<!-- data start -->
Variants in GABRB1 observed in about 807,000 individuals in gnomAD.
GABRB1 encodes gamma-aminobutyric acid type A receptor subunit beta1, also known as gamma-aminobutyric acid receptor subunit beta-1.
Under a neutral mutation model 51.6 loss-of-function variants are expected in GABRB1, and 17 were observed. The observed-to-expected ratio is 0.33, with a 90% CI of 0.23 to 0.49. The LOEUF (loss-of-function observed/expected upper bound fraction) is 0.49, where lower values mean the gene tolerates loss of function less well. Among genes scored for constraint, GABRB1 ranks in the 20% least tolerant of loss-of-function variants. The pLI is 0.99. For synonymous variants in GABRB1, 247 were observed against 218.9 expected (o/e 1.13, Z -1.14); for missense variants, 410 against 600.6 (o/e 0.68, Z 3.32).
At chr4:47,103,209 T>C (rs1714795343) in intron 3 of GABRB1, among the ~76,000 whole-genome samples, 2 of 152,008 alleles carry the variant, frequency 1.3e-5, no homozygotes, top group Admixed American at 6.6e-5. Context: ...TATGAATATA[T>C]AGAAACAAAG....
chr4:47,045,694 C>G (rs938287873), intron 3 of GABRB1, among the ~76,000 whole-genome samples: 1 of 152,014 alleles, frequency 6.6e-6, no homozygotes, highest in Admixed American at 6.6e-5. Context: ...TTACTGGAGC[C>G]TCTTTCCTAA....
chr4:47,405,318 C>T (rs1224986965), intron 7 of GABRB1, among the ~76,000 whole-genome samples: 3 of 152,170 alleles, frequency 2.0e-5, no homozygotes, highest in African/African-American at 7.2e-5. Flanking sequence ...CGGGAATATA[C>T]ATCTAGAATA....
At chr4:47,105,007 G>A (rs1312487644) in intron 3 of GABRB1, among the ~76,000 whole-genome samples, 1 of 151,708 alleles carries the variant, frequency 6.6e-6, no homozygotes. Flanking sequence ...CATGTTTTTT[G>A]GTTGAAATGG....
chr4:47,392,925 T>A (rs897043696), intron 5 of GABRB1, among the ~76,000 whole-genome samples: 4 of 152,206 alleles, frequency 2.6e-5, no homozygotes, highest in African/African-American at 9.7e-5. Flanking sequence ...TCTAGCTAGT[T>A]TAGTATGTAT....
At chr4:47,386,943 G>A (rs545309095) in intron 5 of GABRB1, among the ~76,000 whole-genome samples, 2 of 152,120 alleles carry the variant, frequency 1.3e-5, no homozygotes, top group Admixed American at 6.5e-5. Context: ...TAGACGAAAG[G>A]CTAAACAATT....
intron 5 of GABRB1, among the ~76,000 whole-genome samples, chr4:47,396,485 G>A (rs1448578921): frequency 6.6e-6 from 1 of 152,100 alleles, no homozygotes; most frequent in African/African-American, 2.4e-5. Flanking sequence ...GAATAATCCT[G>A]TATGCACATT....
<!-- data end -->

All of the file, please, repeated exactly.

Variants in GABRB1 observed in about 807,000 individuals in gnomAD.
GABRB1 encodes gamma-aminobutyric acid type A receptor subunit beta1, also known as gamma-aminobutyric acid receptor subunit beta-1.
Under a neutral mutation model 51.6 loss-of-function variants are expected in GABRB1, and 17 were observed. The observed-to-expected ratio is 0.33, with a 90% CI of 0.23 to 0.49. The LOEUF (loss-of-function observed/expected upper bound fraction) is 0.49, where lower values mean the gene tolerates loss of function less well. Among genes scored for constraint, GABRB1 ranks in the 20% least tolerant of loss-of-function variants. The pLI is 0.99. For synonymous variants in GABRB1, 247 were observed against 218.9 expected (o/e 1.13, Z -1.14); for missense variants, 410 against 600.6 (o/e 0.68, Z 3.32).
At chr4:47,103,209 T>C (rs1714795343) in intron 3 of GABRB1, among the ~76,000 whole-genome samples, 2 of 152,008 alleles carry the variant, frequency 1.3e-5, no homozygotes, top group Admixed American at 6.6e-5. Context: ...TATGAATATA[T>C]AGAAACAAAG....
chr4:47,045,694 C>G (rs938287873), intron 3 of GABRB1, among the ~76,000 whole-genome samples: 1 of 152,014 alleles, frequency 6.6e-6, no homozygotes, highest in Admixed American at 6.6e-5. Context: ...TTACTGGAGC[C>G]TCTTTCCTAA....
chr4:47,405,318 C>T (rs1224986965), intron 7 of GABRB1, among the ~76,000 whole-genome samples: 3 of 152,170 alleles, frequency 2.0e-5, no homozygotes, highest in African/African-American at 7.2e-5. Flanking sequence ...CGGGAATATA[C>T]ATCTAGAATA....
At chr4:47,105,007 G>A (rs1312487644) in intron 3 of GABRB1, among the ~76,000 whole-genome samples, 1 of 151,708 alleles carries the variant, frequency 6.6e-6, no homozygotes. Flanking sequence ...CATGTTTTTT[G>A]GTTGAAATGG....
chr4:47,392,925 T>A (rs897043696), intron 5 of GABRB1, among the ~76,000 whole-genome samples: 4 of 152,206 alleles, frequency 2.6e-5, no homozygotes, highest in African/African-American at 9.7e-5. Flanking sequence ...TCTAGCTAGT[T>A]TAGTATGTAT....
At chr4:47,386,943 G>A (rs545309095) in intron 5 of GABRB1, among the ~76,000 whole-genome samples, 2 of 152,120 alleles carry the variant, frequency 1.3e-5, no homozygotes, top group Admixed American at 6.5e-5. Context: ...TAGACGAAAG[G>A]CTAAACAATT....
intron 5 of GABRB1, among the ~76,000 whole-genome samples, chr4:47,396,485 G>A (rs1448578921): frequency 6.6e-6 from 1 of 152,100 alleles, no homozygotes; most frequent in African/African-American, 2.4e-5. Flanking sequence ...GAATAATCCT[G>A]TATGCACATT....